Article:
Before I get into my Comic-con report, please enjoy this picture of Kaylee, who is just as nifty as her namesake...
Okay, so, we got into San Diego on Tuesday afternoon, met up with mikijean at the airport and spent a lovely, lazy evening in the Gaslamp District before the crowds hit town. Wednesday we took the munchkin to Sea World, which was tons of fun, until Mr. Sus lost his glasses on the Shipwreck Rapids and had to catch a cab back to the hotel and go in search of a one-hour optician. But the munchkin had a blast.
So long, and thanks for all the fish.
Later that evening we headed over to Preview Night. The exhibition hall was insanely crowded and there was less cool swag than previous years. Overall, not my favorite part of the con. Little did we know, the crowds were only going to get worse. Much worse. But there were a few cool booths...
It didn't really come out in the picture, but that's a huge model of The Black Pearl up there.
I don’t even remember what booth this was, but they had these three giant statues of Voldemort, Sauron and Boba Fett towering over the floor.
My favorite booth was for The Golden Compass, which had lots of props on display. The alethiometer was on the other side of the booth, but I couldn't get an unobscured photo of it through the crowd.
They had costumes on display on all sides of the booth, but these are the only ones I could get close enough to take pictures of.
The best part was this ginormous model of Iorek. If you waited in line, inside the booth they’d take your picture in front of a green screen and superimpose it in front of the bear. Unfortunately I am allergic to waiting in line on the convention floor.
Aargh! Giant bear! Seriously, it was HUGE.
The munchkin in front of a mural at the Dark Horse (I think?) booth.
Me and the munchkin at the swoopy purple Sci Fi channel booth. On preview night they gave out Eureka product catalogs which were quite cool.
Thursday morning the panels started. My first panel this year was the Battlestar Galactica Forum with Richard Hatch, composer Bear McCreary and science advisor Kevin Grazier. First of all, Richard Hatch is a lovely man and did a nice
job moderating the panel without trying to hog the spotlight. He also made a point of saying how blessed he feels to be on a show that is not only entertaining but is actually about something meaningful.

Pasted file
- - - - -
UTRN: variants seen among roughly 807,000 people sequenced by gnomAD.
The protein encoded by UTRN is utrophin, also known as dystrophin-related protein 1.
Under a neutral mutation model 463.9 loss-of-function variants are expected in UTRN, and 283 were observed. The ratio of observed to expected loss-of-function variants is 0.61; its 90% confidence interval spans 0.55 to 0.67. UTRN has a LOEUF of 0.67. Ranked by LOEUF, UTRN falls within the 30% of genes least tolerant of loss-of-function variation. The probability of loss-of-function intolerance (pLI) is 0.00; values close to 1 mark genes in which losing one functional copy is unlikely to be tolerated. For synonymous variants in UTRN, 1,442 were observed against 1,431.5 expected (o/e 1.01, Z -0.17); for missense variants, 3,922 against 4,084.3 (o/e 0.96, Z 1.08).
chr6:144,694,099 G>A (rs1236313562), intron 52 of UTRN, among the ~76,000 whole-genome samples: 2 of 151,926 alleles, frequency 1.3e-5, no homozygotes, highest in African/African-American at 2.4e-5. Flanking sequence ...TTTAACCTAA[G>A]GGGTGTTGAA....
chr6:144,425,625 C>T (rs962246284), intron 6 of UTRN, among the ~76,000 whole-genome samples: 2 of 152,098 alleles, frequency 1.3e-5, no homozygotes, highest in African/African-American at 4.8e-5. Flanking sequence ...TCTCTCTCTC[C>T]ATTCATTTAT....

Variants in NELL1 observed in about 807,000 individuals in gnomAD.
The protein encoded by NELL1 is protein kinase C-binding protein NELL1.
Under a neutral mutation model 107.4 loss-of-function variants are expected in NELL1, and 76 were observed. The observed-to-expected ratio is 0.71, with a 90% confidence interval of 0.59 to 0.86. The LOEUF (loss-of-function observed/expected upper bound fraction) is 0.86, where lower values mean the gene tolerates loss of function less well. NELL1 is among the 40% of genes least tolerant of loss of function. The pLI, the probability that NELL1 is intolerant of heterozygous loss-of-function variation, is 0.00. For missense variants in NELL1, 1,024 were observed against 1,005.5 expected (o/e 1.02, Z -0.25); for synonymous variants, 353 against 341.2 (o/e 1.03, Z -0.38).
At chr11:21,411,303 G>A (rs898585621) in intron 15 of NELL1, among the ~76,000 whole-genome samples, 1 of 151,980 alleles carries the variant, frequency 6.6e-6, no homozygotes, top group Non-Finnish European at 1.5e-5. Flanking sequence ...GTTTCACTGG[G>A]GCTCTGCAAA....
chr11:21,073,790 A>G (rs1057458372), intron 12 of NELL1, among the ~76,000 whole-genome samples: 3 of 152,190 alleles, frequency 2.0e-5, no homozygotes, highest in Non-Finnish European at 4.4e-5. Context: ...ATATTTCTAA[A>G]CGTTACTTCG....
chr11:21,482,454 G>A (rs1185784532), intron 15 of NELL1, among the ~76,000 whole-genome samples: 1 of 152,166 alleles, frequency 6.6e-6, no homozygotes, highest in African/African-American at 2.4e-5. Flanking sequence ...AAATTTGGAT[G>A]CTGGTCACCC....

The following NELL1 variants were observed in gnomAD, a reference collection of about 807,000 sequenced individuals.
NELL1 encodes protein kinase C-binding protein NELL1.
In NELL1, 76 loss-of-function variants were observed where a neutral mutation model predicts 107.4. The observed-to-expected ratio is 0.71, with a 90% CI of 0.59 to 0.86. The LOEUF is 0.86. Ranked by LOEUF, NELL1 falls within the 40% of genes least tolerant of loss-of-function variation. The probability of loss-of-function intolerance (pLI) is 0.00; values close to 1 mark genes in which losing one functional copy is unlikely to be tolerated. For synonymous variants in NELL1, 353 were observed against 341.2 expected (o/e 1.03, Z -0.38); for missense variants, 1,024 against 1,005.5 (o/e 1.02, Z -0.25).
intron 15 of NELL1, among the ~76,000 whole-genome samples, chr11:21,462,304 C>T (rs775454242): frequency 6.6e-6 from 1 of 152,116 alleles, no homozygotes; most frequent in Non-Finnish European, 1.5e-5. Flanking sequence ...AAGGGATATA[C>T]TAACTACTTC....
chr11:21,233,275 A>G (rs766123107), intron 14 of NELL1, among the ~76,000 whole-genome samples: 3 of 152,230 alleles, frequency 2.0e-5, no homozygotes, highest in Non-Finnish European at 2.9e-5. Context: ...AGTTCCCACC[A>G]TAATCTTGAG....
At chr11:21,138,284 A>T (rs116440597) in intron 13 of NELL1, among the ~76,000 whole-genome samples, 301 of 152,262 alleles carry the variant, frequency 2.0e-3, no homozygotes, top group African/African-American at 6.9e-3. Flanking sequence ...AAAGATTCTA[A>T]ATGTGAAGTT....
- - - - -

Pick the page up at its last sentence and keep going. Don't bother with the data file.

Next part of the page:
Richard Hatch, moderator extraordinaire.
They showed some clips from the show that Bear had put together to highlight the use of the score, including the "All Along the Watchtower" sequence in "Crossroads." Rewatching it reinforced the fact that the score is really the only thing I liked about that whole stupid scene. The season three soundtrack album, by the way, will be out in October and will include that version of the song. Also, Bear and some of the musicians from the show will be performing in L.A. in October and he's also doing the music for The Sarah Connor Chronicles (as well as Eureka) if anyone wants to fangirl him.
The science advisor for BSG also works on Eureka, too. He said that obviously he gives the writers lots of notes and they don’t always take them, but if you can get past the faster-than-light travel and artificial gravity he thinks they’re doing pretty well with the science verisimilitude. After the episode where Chief and Callie are vented into space they got a lot of complaints but he says that was actually pretty realistic, it’s just that people are so poisoned by years of bad sci-fi they thought it was inaccurate. He did admit, though, that when Galactica jumps into atmo in “Exodus” it would have broken up like the Columbia, but he said it was so cool that he told them to go for it.
Bear McCreary, Richard Hatch, Kevin Grazier and Mark Verheiden.
The panel conflicted with Mark Verheiden's writing panel, but he popped in for the last few minutes, although he didn’t say much. They did some Q&A and Richard Hatch said that Zarek is still alive and still vice president. He just finished shooting an episode and he’s supposed to go back and do another one. An old school Battlestar fan stood up and said that she refused to watch the new show because she loved the old one so much, to a predictable chorus of boos. But Richard was very sweet and told her that he once felt the same way but he was wrong, and it’s okay to like both shows for what they are. And then he said that for longest time he refused to watch Firefly because he assumed it was just a Battlestar Galactica rip-off. He finally watched Serenity, fully intending to be all judgmental, but afterwards he found himself wanting to watch it again and liking it more and more and then he went and watched all of Firefly and now officially considers himself a Browncoat.